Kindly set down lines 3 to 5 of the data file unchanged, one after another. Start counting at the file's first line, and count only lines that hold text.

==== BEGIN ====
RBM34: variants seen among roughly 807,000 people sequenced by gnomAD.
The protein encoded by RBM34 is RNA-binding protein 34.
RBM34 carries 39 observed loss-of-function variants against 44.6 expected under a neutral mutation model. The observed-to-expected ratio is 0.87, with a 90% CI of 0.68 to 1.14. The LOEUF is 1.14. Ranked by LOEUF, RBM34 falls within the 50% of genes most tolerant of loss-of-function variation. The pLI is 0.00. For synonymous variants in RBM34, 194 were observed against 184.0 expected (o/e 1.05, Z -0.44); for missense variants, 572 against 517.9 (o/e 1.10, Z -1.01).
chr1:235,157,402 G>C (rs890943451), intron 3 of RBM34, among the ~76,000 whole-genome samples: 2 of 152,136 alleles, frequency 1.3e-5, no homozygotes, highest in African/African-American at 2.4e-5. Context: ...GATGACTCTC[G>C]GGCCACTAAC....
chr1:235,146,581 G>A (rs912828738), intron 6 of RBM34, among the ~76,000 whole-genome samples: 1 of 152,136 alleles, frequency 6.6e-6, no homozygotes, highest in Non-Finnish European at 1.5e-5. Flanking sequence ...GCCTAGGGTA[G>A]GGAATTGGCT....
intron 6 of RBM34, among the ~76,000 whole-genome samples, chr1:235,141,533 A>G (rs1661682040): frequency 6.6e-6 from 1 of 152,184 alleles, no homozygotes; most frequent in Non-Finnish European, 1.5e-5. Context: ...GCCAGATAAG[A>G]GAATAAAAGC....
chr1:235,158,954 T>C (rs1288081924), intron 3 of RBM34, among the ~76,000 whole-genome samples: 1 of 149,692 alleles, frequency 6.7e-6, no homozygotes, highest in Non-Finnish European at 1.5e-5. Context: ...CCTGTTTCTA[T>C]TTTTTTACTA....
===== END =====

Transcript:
RBM34 carries 39 observed loss-of-function variants against 44.6 expected under a neutral mutation model. The observed-to-expected ratio is 0.87, with a 90% CI of 0.68 to 1.14. The LOEUF is 1.14. Ranked by LOEUF, RBM34 falls within the 50% of genes most tolerant of loss-of-function variation. The pLI is 0.00. For synonymous variants in RBM34, 194 were observed against 184.0 expected (o/e 1.05, Z -0.44); for missense variants, 572 against 517.9 (o/e 1.10, Z -1.01).
chr1:235,157,402 G>C (rs890943451), intron 3 of RBM34, among the ~76,000 whole-genome samples: 2 of 152,136 alleles, frequency 1.3e-5, no homozygotes, highest in African/African-American at 2.4e-5. Context: ...GATGACTCTC[G>C]GGCCACTAAC....
chr1:235,146,581 G>A (rs912828738), intron 6 of RBM34, among the ~76,000 whole-genome samples: 1 of 152,136 alleles, frequency 6.6e-6, no homozygotes, highest in Non-Finnish European at 1.5e-5. Flanking sequence ...GCCTAGGGTA[G>A]GGAATTGGCT....